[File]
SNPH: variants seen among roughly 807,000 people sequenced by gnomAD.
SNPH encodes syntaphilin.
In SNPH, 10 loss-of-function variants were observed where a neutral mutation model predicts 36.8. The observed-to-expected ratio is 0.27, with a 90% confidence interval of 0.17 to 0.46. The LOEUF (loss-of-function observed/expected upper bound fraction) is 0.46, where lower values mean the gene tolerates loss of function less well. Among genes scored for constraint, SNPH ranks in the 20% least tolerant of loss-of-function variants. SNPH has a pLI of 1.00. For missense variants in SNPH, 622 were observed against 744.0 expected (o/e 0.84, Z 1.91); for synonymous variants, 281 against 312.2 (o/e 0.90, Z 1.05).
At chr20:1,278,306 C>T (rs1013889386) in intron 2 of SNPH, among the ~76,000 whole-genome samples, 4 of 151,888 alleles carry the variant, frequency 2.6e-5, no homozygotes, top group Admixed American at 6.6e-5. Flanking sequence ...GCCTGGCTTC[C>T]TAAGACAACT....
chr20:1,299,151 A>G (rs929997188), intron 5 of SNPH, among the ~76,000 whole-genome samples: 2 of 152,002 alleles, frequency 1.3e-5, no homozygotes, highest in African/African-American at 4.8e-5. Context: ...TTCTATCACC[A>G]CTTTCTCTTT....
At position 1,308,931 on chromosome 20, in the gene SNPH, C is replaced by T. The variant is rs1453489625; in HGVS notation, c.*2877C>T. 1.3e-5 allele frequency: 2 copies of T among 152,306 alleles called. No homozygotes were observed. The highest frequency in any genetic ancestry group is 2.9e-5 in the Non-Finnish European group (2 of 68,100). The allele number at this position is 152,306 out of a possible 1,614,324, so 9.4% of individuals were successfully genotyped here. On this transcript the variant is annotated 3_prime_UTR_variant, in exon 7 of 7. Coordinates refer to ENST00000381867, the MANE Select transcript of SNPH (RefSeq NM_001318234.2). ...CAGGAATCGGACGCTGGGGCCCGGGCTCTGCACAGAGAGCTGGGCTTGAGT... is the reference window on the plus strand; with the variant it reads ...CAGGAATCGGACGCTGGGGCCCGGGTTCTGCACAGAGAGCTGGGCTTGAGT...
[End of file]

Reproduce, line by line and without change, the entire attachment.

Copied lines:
SNPH: variants seen among roughly 807,000 people sequenced by gnomAD.
SNPH encodes syntaphilin.
In SNPH, 10 loss-of-function variants were observed where a neutral mutation model predicts 36.8. The observed-to-expected ratio is 0.27, with a 90% confidence interval of 0.17 to 0.46. The LOEUF (loss-of-function observed/expected upper bound fraction) is 0.46, where lower values mean the gene tolerates loss of function less well. Among genes scored for constraint, SNPH ranks in the 20% least tolerant of loss-of-function variants. SNPH has a pLI of 1.00. For missense variants in SNPH, 622 were observed against 744.0 expected (o/e 0.84, Z 1.91); for synonymous variants, 281 against 312.2 (o/e 0.90, Z 1.05).
At chr20:1,278,306 C>T (rs1013889386) in intron 2 of SNPH, among the ~76,000 whole-genome samples, 4 of 151,888 alleles carry the variant, frequency 2.6e-5, no homozygotes, top group Admixed American at 6.6e-5. Flanking sequence ...GCCTGGCTTC[C>T]TAAGACAACT....
chr20:1,299,151 A>G (rs929997188), intron 5 of SNPH, among the ~76,000 whole-genome samples: 2 of 152,002 alleles, frequency 1.3e-5, no homozygotes, highest in African/African-American at 4.8e-5. Context: ...TTCTATCACC[A>G]CTTTCTCTTT....
At position 1,308,931 on chromosome 20, in the gene SNPH, C is replaced by T. The variant is rs1453489625; in HGVS notation, c.*2877C>T. 1.3e-5 allele frequency: 2 copies of T among 152,306 alleles called. No homozygotes were observed. The highest frequency in any genetic ancestry group is 2.9e-5 in the Non-Finnish European group (2 of 68,100). The allele number at this position is 152,306 out of a possible 1,614,324, so 9.4% of individuals were successfully genotyped here. On this transcript the variant is annotated 3_prime_UTR_variant, in exon 7 of 7. Coordinates refer to ENST00000381867, the MANE Select transcript of SNPH (RefSeq NM_001318234.2). ...CAGGAATCGGACGCTGGGGCCCGGGCTCTGCACAGAGAGCTGGGCTTGAGT... is the reference window on the plus strand; with the variant it reads ...CAGGAATCGGACGCTGGGGCCCGGGTTCTGCACAGAGAGCTGGGCTTGAGT...